When Is the Modification of a Parenting Plan in the Best Interest of the Child?

By Jorie Zajicek and Ryan C. Davis

When Is the Modification of a Parenting Plan in the Best Interest of the Child?

There are two conditions that apply to every modification of a permanent parenting plan or child custody agreement. First, you must prove that there has been a substantial and material change in circumstances since the parenting plan or child custody agreement was ordered by the court. Second, if there has been a substantial and material change in circumstances, you must prove that any modification or change will serve the best interests of the child or children.

In determining whether a change meets the best interests of the child, the court should consider all relevant factors, including the following:

  • The strength, nature, and stability of the child’s relationship with each parent, including whether one parent has performed the majority of parenting responsibilities relating to the daily needs of the child;
  • Each parent’s or caregiver’s past and potential for future performance of parenting responsibilities;
  • The disposition of each parent to provide the child with food, clothing, medical care, education and other necessary care;
  • The degree to which a parent has been the primary caregiver;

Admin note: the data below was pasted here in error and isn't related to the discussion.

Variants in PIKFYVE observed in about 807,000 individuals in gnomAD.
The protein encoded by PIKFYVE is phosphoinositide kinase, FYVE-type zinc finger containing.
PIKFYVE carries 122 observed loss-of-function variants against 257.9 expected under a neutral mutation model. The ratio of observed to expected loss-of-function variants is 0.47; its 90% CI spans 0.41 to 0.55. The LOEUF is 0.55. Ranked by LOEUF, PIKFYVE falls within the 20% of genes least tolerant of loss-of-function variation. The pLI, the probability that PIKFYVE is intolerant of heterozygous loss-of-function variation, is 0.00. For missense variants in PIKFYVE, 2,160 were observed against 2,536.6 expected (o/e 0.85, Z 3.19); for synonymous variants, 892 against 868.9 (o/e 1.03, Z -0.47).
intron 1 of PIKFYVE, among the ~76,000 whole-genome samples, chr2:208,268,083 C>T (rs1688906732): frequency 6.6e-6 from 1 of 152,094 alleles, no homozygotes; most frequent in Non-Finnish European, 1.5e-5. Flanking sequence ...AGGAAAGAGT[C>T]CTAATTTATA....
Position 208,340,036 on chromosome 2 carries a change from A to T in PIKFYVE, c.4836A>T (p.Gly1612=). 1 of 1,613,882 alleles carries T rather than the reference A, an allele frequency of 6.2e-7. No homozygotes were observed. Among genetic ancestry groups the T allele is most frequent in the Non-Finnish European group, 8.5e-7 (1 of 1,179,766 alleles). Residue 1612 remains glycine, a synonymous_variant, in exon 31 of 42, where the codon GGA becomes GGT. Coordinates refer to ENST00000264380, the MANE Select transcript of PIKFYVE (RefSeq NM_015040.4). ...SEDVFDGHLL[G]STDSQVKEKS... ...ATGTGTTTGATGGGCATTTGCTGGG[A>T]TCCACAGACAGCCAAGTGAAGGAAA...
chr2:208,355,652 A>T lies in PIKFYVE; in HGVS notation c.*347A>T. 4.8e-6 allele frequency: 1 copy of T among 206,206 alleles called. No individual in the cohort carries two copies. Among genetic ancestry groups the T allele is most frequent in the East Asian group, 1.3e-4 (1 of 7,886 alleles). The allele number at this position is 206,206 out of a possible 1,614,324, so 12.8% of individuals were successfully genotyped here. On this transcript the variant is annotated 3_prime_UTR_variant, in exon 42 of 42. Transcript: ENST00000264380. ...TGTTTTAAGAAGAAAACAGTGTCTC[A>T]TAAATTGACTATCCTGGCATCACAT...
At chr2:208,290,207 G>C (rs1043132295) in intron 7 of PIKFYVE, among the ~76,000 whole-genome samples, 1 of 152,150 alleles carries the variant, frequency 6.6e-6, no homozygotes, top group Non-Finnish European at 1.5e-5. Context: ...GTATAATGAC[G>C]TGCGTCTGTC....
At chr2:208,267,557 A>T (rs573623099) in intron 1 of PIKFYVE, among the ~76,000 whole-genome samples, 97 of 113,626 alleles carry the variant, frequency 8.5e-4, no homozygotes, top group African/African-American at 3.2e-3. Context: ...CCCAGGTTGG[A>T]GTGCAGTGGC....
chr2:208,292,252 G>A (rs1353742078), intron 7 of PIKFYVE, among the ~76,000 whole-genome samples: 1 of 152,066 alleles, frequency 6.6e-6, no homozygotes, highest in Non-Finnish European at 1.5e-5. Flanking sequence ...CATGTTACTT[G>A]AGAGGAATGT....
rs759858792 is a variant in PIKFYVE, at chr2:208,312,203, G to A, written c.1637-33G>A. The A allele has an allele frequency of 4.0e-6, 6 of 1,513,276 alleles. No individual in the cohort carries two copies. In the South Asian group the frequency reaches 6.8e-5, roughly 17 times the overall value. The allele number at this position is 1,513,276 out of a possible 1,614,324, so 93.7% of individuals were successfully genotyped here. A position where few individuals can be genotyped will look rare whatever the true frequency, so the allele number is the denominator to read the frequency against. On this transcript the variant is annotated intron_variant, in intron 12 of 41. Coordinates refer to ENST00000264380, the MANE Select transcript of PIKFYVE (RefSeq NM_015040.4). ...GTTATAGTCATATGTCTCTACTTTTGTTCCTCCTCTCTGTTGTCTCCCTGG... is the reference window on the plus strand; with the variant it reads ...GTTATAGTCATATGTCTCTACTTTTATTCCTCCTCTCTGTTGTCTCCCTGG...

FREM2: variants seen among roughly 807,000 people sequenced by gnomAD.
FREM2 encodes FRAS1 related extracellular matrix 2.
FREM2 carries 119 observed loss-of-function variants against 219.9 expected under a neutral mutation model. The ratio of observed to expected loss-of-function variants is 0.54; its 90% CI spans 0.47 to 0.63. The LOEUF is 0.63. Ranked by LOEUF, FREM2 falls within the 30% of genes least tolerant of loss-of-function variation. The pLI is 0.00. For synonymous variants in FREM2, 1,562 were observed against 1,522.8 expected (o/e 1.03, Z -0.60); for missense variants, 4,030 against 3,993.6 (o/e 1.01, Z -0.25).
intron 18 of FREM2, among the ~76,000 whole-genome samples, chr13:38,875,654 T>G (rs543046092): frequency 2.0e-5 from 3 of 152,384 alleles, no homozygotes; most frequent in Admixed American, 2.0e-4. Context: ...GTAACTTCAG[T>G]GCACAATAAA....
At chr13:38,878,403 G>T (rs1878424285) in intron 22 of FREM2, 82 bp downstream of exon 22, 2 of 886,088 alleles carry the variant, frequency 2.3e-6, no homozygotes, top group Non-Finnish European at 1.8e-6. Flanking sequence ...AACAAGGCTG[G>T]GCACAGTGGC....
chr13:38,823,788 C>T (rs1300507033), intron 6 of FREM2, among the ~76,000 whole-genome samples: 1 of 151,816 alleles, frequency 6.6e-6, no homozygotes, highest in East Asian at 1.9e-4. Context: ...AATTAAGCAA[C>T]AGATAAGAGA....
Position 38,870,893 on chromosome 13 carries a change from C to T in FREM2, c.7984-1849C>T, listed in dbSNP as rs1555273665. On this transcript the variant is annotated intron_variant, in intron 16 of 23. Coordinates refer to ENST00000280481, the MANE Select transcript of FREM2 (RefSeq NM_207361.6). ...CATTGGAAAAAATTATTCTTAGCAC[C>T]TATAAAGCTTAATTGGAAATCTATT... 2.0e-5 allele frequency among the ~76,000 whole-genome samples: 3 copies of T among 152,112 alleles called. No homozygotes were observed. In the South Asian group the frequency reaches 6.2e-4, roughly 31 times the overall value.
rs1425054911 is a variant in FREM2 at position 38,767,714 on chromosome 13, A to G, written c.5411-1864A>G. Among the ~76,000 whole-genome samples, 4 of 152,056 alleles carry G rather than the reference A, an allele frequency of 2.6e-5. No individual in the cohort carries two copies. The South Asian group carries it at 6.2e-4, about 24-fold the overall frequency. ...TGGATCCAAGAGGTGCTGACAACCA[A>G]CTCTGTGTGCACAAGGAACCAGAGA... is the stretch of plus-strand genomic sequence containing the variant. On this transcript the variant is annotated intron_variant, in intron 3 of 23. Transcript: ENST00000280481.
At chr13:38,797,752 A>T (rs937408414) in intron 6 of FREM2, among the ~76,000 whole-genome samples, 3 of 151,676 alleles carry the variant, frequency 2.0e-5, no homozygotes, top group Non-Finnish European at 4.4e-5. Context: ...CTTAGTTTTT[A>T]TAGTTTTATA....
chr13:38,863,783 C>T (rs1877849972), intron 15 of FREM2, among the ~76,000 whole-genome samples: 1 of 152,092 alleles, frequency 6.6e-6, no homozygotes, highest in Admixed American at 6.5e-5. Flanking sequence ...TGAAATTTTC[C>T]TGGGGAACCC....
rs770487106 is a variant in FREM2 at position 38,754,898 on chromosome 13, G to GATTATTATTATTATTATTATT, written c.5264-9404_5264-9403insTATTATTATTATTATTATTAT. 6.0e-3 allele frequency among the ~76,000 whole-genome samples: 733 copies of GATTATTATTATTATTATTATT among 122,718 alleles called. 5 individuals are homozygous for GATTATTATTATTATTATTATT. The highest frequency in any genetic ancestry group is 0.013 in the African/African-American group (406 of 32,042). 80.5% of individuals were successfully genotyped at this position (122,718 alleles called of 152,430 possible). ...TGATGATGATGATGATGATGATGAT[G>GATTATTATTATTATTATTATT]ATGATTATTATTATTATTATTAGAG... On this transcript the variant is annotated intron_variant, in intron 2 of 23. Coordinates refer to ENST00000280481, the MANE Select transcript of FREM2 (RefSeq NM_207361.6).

• The love, affection, and emotional ties existing between each parent and the child;
  • The emotional needs and developmental level of the child;
  • The moral, physical, mental and emotional fitness of each parent as it relates to their ability to parent the child;
  • The child’s interaction and interrelationships with siblings, other relatives and step-relatives, and mentors, as well as the child’s involvement with the child’s physical surroundings, school, or other significant activities;
  • The importance of continuity in the child’s life and the length of time the child has lived in a stable, satisfactory environment;
  • Evidence of physical or emotional abuse to the child, to the other parent, or to any other person;
  • The character and behavior of any other person who resides in or frequents the home of a parent and such person’s interactions with the child;
  • The reasonable preference of the child if twelve years of age or older; and 
  • Each parent’s employment schedule.

Of course, these are just a few examples of factors that the court may consider. Ultimately, whether a modification of the parenting plan or a change in custody is in the best interest of the child depends on the specific facts of each individual case. If you are looking to change your current parenting plan, you should begin the process by consulting with an experienced family law attorney. Each case is unique and will require a strategy tailored to your goals. Our family law attorneys are here to provide you with the guidance you need for the custody arrangement that is best for your child. Call 615-649-0110 to schedule a consultation today.